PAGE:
FORT DODGE, IOWA—When he stepped onto a makeshift stage at an historic town square here today, presidential contender Chris Dodd peered out at the faces of anticipation and instantly quipped that he really was Art Garfunkel.
Soon after, some 250 city and area residents, many of the boomers in their 50s and 60s, were treated to the real singer Paul Simon, who immediately went into an acoustic rendition of “Mrs. Robinson” and two other classics.
Simon, 65, is the first major celebrity to stump in this state with an ’08 contender. A longtime friend of Dodd’s and resident of his home state of Connecticut, Simon has helped the senator via his endorsement and contributions, but he also asked to journey with the campaign as it made its way on a bus trip across the state this week.
Although Simon has participated in concerts for candidates such as Al Gore, who he backed in 2000, but says that he has “never campaigned with anyone.”
“This is really the first time I have come out and been with a candidate and wanted to hear really what it is that people had to say, particularly what Iowa has to say” said Simon, wearing an untucked white shirt, khakis and black cap. “Because from the perspective of the northeast, Iowa is the quintessential, solid-thinking, logical midwestern America.”
Dodd, 63, is far behind in the polls. Granted, when it comes to votes, they are pretty meaningless this far out. Fellow senator John Kerry’s campaign was sputtering in this state at this period in 2003, but he went on to win the caucus. But polls do help out when it comes to fund-raising, so his campaign is looking for at least some movement in Iowa.
It’s doubtful that Simon’s endorsement would sway many votes, but he did add to Dodd’s visibility in terms of press coverage and attendance at events. A few of the Iowans I talked to said that Simon does add some credibility to Dodd’s campaign, particularly as it has had trouble getting heard in a race now defined by superstar contenders. Others insisted that they really were there for Dodd, not Simon, as they were exercising their ability to meet candidates in person before making up their minds.
Jo Ann Beall, a retired human services supervisor in Fort Dodge, is still undecided, but said that Simon “adds credibility” to Dodd’s effort. “Because [Simon] knows him, he knows his ability and knows what he has done,” she said. “I don’t think he would come out if he didn’t believe in him.
“And us baby boomers like him,” she adds. “We’ve remembered the history that our country has had since then and all that and Paul Simon’s part in it.”
But many in the crowd obviously were Simon fans, and brought Simon and Garfunkel classics for him to sign. Or they simply peppered him with questions. At an early morning appearance at a Country Kitchen restaurant in Mason City, he shook hands with a room packed with local Democrats. “You’re the second Paul Simon running for president to come here,” one woman quips to him. He laughs, and shares a story of his friendship with the late Illinois senator.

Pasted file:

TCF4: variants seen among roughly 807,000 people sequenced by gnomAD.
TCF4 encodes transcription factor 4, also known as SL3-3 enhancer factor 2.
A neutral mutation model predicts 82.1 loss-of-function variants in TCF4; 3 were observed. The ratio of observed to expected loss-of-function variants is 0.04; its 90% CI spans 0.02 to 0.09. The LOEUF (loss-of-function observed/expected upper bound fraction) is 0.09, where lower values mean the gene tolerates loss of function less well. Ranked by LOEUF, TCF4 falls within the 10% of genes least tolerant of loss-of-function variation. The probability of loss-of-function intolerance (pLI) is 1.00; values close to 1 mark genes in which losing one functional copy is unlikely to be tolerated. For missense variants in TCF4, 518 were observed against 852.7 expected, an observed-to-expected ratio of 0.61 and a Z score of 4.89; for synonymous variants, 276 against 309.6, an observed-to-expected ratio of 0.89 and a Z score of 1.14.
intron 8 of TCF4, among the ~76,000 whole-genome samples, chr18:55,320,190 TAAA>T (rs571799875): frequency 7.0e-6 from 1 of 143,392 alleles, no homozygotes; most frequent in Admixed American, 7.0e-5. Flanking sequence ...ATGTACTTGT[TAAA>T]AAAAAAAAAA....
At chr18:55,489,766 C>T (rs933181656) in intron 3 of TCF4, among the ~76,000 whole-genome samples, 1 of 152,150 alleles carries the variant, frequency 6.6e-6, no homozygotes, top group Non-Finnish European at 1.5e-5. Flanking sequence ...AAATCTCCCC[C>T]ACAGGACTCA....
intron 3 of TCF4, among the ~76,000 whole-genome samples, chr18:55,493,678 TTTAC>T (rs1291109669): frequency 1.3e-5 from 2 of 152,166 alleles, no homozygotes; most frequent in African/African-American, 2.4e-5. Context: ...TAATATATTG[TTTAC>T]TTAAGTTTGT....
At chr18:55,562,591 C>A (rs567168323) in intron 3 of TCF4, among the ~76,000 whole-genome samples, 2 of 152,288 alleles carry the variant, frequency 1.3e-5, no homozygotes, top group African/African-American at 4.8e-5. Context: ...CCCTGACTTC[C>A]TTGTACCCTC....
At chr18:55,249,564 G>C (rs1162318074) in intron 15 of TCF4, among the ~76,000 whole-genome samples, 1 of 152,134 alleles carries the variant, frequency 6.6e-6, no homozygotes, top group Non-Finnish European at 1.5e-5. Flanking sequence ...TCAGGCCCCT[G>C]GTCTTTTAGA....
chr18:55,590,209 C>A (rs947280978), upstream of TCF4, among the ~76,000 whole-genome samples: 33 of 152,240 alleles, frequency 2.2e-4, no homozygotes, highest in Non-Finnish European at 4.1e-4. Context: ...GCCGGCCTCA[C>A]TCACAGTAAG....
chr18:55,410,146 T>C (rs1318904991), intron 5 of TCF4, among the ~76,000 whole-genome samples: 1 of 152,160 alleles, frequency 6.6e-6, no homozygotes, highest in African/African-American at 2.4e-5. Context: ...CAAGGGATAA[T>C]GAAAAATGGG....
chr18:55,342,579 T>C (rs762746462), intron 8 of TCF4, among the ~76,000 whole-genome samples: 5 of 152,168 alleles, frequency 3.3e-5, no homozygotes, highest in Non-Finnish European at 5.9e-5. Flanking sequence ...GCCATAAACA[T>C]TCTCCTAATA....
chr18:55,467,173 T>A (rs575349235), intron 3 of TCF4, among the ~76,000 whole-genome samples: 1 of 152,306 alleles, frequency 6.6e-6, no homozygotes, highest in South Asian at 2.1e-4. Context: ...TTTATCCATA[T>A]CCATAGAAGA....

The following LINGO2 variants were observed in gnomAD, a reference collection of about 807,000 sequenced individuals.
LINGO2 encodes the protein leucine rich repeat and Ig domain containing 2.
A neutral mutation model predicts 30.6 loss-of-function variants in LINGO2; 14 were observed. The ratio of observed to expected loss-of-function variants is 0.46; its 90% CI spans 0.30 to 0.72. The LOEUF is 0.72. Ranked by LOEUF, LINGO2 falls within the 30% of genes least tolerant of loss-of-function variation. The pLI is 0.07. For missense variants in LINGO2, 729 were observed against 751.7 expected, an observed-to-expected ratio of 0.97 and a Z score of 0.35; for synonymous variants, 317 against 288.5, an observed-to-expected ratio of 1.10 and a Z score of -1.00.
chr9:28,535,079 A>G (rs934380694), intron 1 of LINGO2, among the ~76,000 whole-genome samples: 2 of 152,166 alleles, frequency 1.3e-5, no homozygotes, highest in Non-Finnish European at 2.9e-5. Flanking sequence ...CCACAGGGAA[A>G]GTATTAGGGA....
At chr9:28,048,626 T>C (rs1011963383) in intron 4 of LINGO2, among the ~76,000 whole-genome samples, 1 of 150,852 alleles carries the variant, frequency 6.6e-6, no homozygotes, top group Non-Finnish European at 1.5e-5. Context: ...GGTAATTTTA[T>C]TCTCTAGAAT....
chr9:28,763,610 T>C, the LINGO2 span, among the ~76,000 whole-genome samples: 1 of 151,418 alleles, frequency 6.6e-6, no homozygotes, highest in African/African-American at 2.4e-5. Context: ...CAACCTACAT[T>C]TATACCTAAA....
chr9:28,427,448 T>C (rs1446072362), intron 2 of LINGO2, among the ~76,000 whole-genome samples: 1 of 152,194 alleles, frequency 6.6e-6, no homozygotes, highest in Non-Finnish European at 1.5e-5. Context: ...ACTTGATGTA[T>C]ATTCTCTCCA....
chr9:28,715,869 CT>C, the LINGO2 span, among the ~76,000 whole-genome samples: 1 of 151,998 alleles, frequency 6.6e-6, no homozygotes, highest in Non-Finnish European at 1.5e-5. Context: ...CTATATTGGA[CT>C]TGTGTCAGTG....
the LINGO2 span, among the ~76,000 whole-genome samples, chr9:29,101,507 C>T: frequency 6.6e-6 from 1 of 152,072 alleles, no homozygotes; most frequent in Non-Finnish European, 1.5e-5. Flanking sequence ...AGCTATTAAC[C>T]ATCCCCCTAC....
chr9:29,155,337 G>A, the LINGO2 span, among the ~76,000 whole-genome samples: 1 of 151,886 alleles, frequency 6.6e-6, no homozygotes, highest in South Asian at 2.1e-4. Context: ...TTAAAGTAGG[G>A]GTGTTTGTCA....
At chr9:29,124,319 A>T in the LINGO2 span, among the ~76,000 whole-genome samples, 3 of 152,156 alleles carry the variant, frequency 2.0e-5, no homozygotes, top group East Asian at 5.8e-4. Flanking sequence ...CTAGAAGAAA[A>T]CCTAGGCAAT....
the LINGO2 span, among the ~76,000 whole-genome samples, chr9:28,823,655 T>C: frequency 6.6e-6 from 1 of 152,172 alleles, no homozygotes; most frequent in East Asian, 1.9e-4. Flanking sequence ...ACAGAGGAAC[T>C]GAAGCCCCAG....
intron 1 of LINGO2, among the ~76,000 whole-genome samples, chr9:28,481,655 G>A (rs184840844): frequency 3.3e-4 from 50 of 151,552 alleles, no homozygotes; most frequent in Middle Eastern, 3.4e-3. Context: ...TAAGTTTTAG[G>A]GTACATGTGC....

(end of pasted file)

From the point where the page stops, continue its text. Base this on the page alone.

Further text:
Simon then spoke to the entire group, lamenting the lack of time for anything other than soundbites in the debates and the fact that that race so far has been about who raises the most money. Then he offered an anecdote for levity: He noted that the first performance of Simon & Garfunkel was at a college in Davenport, Iowa — and the student union threatened to not pay them. They thought they were getting a comedy act like the Smothers Brothers. The crowd chuckled.
He then introduced Dodd, who charged through a litany of his accomplishments, a few of his proposals (“I’m the only candidate talking about a corporate carbon tax”) and a few requisite jabs at the Bush administration. He noted that while his generation was inspired into service by John F. Kennedy, after 9/11 Bush asked Americans “to go shopping.” “It was almost like a Doonsbury cartoon.”
The two seem like an unlikely friendship: Dodd, in his slightly raspy voice, speaks at a rapid fire pace as if he’s trying to cram as much information as possible into a limited amount of time. Simon is more soft-spoken and more introverted, and was clearly cautious about not stealing the show.
He demurred to Dodd when asked for his thoughts on the war in Iraq. “I know how he thinks, and it is very insightful and he has a great deal of wisdom,” Simon said. “I respect it greatly. Otherwise I don’t much believe in entertainers coming out and mixing up in politics. But this is my friend who I have deep regard for. I will go with Chris’s description of the positions.”
Nevertheless, the challenge for Dodd is how he distinguishes himself from the pack. He emphasizes his years in the Senate, his list of accomplishments and his ability to bring people together. Yet so do Joe Biden and Bill Richardson. And who is raising the most money? Obama. While Dodd noted that Iowa has a tendency to prove pundits wrong, he still needs the financial resources to make it to January.
So in this case, Simon certainly helped.
In Fort Dodge, Dodd is surrounded by Simon fans carrying albums and other artifacts for the singer to sign.
“I’m sure some came out to hear the music and some came out to hear the politics,” he said. “The combination of the two is not a bad thing during Fourth of July week.”
Before getting back on the bus, he did manage one last signature for Beall. It’s on a Simon and Garfunkel album she has brought with her.
Simon signed below his image. And sure enough, Dodd signed just below the face of Art Garfunkel.
Below, Simon sings a Dodd-inspired version of “Mrs. Robinson.”